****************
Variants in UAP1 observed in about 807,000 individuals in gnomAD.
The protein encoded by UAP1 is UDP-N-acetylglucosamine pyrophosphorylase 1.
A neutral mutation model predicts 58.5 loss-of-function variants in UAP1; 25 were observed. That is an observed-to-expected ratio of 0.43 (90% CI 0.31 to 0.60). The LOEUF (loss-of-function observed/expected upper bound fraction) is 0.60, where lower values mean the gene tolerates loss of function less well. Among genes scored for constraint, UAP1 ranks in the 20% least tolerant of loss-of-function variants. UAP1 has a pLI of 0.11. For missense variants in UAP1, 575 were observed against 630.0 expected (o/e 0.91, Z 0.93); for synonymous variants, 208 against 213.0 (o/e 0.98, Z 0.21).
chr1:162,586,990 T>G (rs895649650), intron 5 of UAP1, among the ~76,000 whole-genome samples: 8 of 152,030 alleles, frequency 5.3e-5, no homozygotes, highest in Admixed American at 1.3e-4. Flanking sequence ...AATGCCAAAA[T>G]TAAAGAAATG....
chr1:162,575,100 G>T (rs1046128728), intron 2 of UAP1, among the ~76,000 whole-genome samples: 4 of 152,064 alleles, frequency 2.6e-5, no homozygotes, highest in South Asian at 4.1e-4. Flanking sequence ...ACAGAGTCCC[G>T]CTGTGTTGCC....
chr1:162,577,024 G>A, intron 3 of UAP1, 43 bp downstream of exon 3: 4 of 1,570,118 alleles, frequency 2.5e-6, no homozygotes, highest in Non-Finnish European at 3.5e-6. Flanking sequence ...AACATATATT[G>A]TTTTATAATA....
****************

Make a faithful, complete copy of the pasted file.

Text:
Variants in UAP1 observed in about 807,000 individuals in gnomAD.
The protein encoded by UAP1 is UDP-N-acetylglucosamine pyrophosphorylase 1.
A neutral mutation model predicts 58.5 loss-of-function variants in UAP1; 25 were observed. That is an observed-to-expected ratio of 0.43 (90% CI 0.31 to 0.60). The LOEUF (loss-of-function observed/expected upper bound fraction) is 0.60, where lower values mean the gene tolerates loss of function less well. Among genes scored for constraint, UAP1 ranks in the 20% least tolerant of loss-of-function variants. UAP1 has a pLI of 0.11. For missense variants in UAP1, 575 were observed against 630.0 expected (o/e 0.91, Z 0.93); for synonymous variants, 208 against 213.0 (o/e 0.98, Z 0.21).
chr1:162,586,990 T>G (rs895649650), intron 5 of UAP1, among the ~76,000 whole-genome samples: 8 of 152,030 alleles, frequency 5.3e-5, no homozygotes, highest in Admixed American at 1.3e-4. Flanking sequence ...AATGCCAAAA[T>G]TAAAGAAATG....
chr1:162,575,100 G>T (rs1046128728), intron 2 of UAP1, among the ~76,000 whole-genome samples: 4 of 152,064 alleles, frequency 2.6e-5, no homozygotes, highest in South Asian at 4.1e-4. Flanking sequence ...ACAGAGTCCC[G>T]CTGTGTTGCC....
chr1:162,577,024 G>A, intron 3 of UAP1, 43 bp downstream of exon 3: 4 of 1,570,118 alleles, frequency 2.5e-6, no homozygotes, highest in Non-Finnish European at 3.5e-6. Flanking sequence ...AACATATATT[G>A]TTTTATAATA....